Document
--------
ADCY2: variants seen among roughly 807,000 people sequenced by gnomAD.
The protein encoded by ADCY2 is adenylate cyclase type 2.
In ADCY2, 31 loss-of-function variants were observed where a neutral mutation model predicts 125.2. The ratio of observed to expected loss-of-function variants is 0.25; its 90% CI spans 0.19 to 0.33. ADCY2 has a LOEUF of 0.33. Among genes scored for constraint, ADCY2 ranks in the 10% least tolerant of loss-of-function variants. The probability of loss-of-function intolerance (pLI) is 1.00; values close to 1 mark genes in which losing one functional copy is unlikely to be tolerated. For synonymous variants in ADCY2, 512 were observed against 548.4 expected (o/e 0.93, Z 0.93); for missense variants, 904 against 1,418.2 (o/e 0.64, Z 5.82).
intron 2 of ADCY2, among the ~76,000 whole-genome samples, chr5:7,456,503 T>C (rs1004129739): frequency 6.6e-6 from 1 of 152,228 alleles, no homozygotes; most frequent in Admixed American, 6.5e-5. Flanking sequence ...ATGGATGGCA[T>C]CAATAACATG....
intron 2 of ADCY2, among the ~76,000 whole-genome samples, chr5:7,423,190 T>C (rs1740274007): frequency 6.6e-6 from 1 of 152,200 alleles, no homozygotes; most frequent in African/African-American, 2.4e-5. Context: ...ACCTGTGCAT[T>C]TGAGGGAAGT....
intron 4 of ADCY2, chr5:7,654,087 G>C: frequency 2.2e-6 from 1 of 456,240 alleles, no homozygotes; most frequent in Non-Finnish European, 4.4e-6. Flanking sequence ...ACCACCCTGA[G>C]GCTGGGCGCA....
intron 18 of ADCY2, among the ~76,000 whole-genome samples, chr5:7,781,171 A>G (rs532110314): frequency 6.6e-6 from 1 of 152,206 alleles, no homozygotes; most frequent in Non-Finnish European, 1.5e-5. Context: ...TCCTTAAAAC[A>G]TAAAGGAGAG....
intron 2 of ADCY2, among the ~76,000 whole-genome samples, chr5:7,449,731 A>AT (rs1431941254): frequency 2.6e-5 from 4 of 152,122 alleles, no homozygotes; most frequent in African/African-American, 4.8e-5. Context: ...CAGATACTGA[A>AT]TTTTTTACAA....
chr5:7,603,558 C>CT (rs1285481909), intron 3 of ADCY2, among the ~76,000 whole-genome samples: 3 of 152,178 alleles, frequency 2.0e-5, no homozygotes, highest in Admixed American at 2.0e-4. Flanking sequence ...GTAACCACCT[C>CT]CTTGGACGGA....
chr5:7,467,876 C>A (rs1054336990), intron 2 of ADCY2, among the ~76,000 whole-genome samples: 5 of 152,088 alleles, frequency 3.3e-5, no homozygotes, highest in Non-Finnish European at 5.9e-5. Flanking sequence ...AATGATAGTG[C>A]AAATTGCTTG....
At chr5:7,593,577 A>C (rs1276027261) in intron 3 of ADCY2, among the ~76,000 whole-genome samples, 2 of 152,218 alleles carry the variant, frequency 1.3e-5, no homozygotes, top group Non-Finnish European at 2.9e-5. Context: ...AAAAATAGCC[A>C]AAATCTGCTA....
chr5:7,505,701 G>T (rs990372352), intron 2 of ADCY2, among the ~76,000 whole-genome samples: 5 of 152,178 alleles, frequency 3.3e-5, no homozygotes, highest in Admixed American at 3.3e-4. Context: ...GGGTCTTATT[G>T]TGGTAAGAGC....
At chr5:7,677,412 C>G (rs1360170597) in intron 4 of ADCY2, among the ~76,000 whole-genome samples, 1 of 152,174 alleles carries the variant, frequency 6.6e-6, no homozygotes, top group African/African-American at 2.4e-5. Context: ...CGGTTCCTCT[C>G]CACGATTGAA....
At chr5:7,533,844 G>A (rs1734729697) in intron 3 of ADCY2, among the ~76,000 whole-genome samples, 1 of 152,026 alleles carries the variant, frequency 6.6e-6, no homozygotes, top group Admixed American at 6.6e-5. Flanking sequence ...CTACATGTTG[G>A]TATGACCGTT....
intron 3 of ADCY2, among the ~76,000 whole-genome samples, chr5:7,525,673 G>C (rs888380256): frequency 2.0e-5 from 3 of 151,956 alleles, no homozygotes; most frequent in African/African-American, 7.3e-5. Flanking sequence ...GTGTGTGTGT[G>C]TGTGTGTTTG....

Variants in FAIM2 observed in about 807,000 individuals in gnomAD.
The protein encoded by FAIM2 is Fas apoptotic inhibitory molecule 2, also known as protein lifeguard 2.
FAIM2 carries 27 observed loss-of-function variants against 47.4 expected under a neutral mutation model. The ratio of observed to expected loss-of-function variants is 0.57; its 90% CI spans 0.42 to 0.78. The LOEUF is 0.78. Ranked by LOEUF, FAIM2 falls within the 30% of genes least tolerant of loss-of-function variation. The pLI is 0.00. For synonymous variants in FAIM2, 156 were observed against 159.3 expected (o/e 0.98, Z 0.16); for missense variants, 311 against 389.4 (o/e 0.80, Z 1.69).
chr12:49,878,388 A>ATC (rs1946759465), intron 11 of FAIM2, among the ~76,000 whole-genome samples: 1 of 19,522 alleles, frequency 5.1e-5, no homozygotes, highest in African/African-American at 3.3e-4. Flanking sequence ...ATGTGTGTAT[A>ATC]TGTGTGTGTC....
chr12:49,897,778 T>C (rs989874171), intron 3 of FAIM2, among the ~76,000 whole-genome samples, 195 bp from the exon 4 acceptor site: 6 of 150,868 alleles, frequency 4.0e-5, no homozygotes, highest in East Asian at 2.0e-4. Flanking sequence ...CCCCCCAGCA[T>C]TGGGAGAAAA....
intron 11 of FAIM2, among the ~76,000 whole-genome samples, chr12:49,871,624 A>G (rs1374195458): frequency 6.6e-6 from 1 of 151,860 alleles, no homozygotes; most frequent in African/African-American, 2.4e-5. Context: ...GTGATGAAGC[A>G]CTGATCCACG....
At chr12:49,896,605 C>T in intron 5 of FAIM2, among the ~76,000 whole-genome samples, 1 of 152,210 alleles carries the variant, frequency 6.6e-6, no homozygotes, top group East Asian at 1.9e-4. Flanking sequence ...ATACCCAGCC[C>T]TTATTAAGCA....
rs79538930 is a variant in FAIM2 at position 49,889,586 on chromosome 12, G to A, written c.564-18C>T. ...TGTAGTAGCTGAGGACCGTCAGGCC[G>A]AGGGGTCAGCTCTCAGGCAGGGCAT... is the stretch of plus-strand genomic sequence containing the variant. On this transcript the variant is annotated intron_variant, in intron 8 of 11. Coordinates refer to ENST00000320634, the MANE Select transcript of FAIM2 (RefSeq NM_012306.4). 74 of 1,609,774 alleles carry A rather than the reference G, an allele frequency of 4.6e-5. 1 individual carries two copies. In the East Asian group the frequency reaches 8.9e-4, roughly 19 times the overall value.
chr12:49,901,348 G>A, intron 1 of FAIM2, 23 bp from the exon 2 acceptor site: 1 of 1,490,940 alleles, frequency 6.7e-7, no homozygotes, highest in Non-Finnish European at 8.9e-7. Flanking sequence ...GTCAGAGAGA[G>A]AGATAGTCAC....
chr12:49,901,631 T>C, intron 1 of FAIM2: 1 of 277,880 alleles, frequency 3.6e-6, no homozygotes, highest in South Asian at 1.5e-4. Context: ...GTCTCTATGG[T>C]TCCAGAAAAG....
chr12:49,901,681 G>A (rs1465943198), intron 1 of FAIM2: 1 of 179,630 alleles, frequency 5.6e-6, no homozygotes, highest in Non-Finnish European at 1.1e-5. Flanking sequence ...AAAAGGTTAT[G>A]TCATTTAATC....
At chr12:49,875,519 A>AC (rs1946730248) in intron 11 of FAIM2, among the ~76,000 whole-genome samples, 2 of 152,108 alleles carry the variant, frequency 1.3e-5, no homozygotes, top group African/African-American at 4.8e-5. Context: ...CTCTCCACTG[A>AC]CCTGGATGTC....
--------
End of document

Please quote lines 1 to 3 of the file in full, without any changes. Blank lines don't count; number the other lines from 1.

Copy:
ADCY2: variants seen among roughly 807,000 people sequenced by gnomAD.
The protein encoded by ADCY2 is adenylate cyclase type 2.
In ADCY2, 31 loss-of-function variants were observed where a neutral mutation model predicts 125.2. The ratio of observed to expected loss-of-function variants is 0.25; its 90% CI spans 0.19 to 0.33. ADCY2 has a LOEUF of 0.33. Among genes scored for constraint, ADCY2 ranks in the 10% least tolerant of loss-of-function variants. The probability of loss-of-function intolerance (pLI) is 1.00; values close to 1 mark genes in which losing one functional copy is unlikely to be tolerated. For synonymous variants in ADCY2, 512 were observed against 548.4 expected (o/e 0.93, Z 0.93); for missense variants, 904 against 1,418.2 (o/e 0.64, Z 5.82).